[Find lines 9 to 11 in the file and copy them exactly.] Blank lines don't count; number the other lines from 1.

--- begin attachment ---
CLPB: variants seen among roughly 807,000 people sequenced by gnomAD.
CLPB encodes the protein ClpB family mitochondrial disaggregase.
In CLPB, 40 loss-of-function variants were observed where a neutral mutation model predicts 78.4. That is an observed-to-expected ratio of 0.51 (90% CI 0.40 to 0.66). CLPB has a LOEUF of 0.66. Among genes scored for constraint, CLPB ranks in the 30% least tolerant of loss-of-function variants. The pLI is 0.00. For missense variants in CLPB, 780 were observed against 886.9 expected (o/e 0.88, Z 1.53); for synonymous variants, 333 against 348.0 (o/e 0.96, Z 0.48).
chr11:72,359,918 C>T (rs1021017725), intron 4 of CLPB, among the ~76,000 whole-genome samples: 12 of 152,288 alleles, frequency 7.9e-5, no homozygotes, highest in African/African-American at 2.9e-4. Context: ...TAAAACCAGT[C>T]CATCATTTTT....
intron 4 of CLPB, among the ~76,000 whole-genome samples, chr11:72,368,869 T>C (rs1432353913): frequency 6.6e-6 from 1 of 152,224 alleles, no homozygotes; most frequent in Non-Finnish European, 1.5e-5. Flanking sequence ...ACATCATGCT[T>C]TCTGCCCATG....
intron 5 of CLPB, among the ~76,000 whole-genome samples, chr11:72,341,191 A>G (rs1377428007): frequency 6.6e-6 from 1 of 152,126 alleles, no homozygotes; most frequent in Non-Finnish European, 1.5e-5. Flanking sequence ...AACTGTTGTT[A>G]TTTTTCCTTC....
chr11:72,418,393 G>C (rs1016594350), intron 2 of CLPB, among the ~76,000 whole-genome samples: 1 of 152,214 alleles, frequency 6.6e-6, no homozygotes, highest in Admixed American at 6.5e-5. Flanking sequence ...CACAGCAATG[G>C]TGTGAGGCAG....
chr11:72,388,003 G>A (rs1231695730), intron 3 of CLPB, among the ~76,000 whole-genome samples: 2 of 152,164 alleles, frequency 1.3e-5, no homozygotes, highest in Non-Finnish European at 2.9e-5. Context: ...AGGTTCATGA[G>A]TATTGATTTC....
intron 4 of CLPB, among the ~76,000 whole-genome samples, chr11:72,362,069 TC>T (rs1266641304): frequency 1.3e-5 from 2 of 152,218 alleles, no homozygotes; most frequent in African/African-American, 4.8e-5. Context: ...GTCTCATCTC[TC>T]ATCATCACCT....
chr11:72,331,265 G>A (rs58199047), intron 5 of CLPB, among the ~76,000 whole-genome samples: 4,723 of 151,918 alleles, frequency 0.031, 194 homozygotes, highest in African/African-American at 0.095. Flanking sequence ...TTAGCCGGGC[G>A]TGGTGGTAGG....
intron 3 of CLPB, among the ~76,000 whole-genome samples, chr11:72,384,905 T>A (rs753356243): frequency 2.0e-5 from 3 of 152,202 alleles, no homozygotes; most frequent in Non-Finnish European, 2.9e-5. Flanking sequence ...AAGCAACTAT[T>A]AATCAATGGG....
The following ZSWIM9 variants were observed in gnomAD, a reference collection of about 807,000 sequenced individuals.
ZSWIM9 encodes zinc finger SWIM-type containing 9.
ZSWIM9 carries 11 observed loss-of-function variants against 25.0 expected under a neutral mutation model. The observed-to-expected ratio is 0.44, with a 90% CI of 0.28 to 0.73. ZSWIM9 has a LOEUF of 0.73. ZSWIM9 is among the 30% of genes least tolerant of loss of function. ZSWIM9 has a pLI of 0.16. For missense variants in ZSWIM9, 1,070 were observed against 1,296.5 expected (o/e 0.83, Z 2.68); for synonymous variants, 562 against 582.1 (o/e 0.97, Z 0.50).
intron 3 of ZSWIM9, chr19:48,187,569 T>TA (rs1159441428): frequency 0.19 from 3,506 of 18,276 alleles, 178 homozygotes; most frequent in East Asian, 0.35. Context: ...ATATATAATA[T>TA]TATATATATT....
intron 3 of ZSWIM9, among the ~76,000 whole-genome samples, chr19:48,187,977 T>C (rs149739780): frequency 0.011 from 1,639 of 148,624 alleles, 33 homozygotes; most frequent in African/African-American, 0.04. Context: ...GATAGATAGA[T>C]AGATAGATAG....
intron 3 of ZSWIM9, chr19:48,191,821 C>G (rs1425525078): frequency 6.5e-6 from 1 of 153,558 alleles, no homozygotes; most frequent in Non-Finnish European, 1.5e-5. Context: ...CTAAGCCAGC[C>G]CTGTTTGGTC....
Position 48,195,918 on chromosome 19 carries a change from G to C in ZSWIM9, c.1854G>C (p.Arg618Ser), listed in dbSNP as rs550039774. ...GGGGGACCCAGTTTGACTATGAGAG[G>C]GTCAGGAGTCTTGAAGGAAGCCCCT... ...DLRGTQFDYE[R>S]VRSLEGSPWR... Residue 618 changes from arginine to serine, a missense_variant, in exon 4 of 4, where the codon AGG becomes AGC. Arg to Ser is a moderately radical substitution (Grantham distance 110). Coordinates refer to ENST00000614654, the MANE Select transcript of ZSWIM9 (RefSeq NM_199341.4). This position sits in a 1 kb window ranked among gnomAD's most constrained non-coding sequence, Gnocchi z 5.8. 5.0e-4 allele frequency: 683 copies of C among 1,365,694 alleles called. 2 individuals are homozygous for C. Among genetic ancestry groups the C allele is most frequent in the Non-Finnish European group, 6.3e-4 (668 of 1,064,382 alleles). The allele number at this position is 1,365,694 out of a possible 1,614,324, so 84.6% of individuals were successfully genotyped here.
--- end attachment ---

intron 4 of CLPB, among the ~76,000 whole-genome samples, chr11:72,362,069 TC>T (rs1266641304): frequency 1.3e-5 from 2 of 152,218 alleles, no homozygotes; most frequent in African/African-American, 4.8e-5. Context: ...GTCTCATCTC[TC>T]ATCATCACCT....
chr11:72,331,265 G>A (rs58199047), intron 5 of CLPB, among the ~76,000 whole-genome samples: 4,723 of 151,918 alleles, frequency 0.031, 194 homozygotes, highest in African/African-American at 0.095. Flanking sequence ...TTAGCCGGGC[G>A]TGGTGGTAGG....
intron 3 of CLPB, among the ~76,000 whole-genome samples, chr11:72,384,905 T>A (rs753356243): frequency 2.0e-5 from 3 of 152,202 alleles, no homozygotes; most frequent in Non-Finnish European, 2.9e-5. Flanking sequence ...AAGCAACTAT[T>A]AATCAATGGG....